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Fish stranded after Hebgen Lake Dam glitch cuts off water to Madison River

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Madison River

The Madison River below Hebgen Lake Dam was reduced to a trickle after water was cut off sometime early Tuesday morning. The dam is operated by NorthWestern Energy. Officials from the company had not yet responded to requests for information.

A dramatic plunge in the upper Madison River due to a problem at the Hebgen Lake Dam has stranded some fish and bodes ill for brown trout eggs resting in now exposed gravel.

“It was pretty ugly up there,” said Kelly Galloup, owner of a fly-fishing shop close to the dam.

Overnight releases from the dam plunged from about 650 cubic feet per second to 195 cfs in a freefall recorded on U.S. Geological Survey’s streamflow gauge below the dam. Likewise, the gauge recorded a sharp decline in the water temperature as it went from 39 degrees to 32 before rebounding to 34 degrees after the gauge was exposed to the air.

“NorthWestern thought it was a glitch in their gauge,” Galloup said.


Trout lay dead around a dewatered pool on the Madison River below Hebgen Lake Dam on Tuesday.

The energy company’s public relations specialist said in an email that NorthWestern was aware of the problem and was working to restore the flow.

"The real question is how they could not know it happened," Galloup said.

An angler on his way to fish the river at 9 a.m. was the first to notice the declining river level, Galloup said. The fisherman stopped at the shop, and Galloup and his colleagues began working the phones to try to alert NorthWestern Energy officials to the problem but couldn’t get through. Then they tried agency personnel who finally reached NorthWestern officials.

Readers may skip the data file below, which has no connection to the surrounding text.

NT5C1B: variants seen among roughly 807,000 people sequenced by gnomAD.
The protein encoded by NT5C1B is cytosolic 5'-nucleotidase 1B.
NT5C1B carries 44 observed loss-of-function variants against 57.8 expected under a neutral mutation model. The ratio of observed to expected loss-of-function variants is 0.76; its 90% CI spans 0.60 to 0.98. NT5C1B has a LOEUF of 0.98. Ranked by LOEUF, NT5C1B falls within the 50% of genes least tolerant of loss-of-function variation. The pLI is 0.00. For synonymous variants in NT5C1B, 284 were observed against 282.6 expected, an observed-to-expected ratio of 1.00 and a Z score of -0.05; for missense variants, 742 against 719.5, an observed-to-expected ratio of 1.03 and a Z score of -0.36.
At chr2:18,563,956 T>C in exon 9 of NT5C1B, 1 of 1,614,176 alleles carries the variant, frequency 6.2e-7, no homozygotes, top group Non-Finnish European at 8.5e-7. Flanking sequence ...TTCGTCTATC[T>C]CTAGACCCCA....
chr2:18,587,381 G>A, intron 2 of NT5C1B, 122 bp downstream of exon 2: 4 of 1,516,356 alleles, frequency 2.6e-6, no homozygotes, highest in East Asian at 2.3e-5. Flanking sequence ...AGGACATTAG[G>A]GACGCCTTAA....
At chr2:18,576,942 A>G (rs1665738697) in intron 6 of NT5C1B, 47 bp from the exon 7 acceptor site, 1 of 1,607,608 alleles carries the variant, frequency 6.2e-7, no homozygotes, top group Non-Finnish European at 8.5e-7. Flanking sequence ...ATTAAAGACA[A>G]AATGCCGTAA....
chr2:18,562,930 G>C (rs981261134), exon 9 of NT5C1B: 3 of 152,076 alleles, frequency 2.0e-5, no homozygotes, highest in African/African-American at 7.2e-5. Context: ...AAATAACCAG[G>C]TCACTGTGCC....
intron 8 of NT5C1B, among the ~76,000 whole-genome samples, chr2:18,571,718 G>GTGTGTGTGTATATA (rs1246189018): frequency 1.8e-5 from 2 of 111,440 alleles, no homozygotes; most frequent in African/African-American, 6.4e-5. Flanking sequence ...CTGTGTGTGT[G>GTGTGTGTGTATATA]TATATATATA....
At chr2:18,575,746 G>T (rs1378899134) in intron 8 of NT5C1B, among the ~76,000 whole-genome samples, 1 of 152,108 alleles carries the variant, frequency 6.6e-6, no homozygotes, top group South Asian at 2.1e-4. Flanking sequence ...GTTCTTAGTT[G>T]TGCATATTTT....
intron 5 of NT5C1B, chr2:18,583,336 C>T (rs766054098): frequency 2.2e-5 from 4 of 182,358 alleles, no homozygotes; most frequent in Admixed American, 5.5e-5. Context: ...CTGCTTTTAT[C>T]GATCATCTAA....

Dead trout

A trout left stranded by rapidly dropping river levels died after water from Hebgen Lake Dam was cut off.

Montana Fish, Wildlife & Parks information officer Morgan Jacobsen said fisheries biologists were on scene assessing damage to the resource.

“The severity at this point is unclear,” he said.

Jacobsen discouraged anyone from traveling to the river to rescue stranded fish. Galloup said people stepping onto the dried riverbed could inadvertently crush brown trout eggs resting in gravel that’s been exposed.

Montana Trout Unlimited tweeted a photo of the gauge, alerting people around the nation to the concerning conditions on one of the most popular trout fisheries in Montana. Then calls began pouring in to Galloup’s fly shop from the East and West coasts.

“People care about this river,” he said. “This puts a big exclamation point on it.”

Stranded sculpin

A stranded sculpin rests in the rocks of the Madison River.

Initially, the low flows were limited to a two-mile stretch of water just below the dam, but by late Tuesday afternoon the flows were plunging next to Galloup’s shop and moving slowly downstream.

“The brown trout eggs are what everyone is worried about,” he said, because if the eggs die the river could potentially lose an entire year-class of fish.

Photos Galloup shot show the upper river reduced to a trickle, dead trout stranded around a dewatered pool and sculpins and trout left stranded on the streambed.

“If it goes on another eight hours it could be a catastrophic loss,” Galloup said, especially if low water is combined with freezing overnight temperatures.

The Madison River starts in Wyoming in Yellowstone National Park before flowing into Montana and Hebgen Lake.

NorthWestern finished work on the dam’s intake in 2013 after stoplogs failed in 2008. The stoplogs are anchored in front of the dam’s four outlets. The earth-filled dam was built in 1915 and contains a concrete core wall. It is 721 feet long and 85 feet high.

The dam controls flows into the Madison River’s most popular stretch to fish. In 2017, the river recorded an estimated 207,000 angler days, according to FWP surveys.

This summer a fish kill was documented on the stream below Ennis Dam, with more than 800 whitefish and almost 20 trout found dead. Lab tests could not specify what caused the fishes’ deaths.


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